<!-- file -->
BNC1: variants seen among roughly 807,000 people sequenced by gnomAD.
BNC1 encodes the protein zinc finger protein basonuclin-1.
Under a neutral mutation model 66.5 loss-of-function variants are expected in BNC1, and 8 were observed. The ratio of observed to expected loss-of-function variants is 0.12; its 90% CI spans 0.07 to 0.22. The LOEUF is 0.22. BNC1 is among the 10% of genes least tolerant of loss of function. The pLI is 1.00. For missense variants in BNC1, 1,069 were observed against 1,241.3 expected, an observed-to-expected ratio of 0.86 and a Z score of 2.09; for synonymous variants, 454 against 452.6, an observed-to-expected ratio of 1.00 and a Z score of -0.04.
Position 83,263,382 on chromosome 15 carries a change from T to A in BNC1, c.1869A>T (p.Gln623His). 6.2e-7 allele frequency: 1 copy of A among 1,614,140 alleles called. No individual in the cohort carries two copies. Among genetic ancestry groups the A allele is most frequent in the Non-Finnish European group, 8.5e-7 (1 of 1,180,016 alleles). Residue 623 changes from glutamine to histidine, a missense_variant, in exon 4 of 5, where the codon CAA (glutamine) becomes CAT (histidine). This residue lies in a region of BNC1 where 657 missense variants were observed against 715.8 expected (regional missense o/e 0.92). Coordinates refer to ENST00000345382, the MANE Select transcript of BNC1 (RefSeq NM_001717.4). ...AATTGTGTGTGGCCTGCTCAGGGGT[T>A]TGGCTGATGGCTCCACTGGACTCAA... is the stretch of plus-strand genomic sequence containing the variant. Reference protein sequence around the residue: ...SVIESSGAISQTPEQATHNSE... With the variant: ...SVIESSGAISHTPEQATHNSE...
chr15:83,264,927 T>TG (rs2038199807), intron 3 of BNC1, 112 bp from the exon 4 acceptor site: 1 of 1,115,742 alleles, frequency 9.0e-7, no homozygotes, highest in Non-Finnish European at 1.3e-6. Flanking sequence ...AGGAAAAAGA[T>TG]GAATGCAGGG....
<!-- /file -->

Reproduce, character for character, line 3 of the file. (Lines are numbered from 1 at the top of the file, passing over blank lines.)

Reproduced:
Under a neutral mutation model 66.5 loss-of-function variants are expected in BNC1, and 8 were observed. The ratio of observed to expected loss-of-function variants is 0.12; its 90% CI spans 0.07 to 0.22. The LOEUF is 0.22. BNC1 is among the 10% of genes least tolerant of loss of function. The pLI is 1.00. For missense variants in BNC1, 1,069 were observed against 1,241.3 expected, an observed-to-expected ratio of 0.86 and a Z score of 2.09; for synonymous variants, 454 against 452.6, an observed-to-expected ratio of 1.00 and a Z score of -0.04.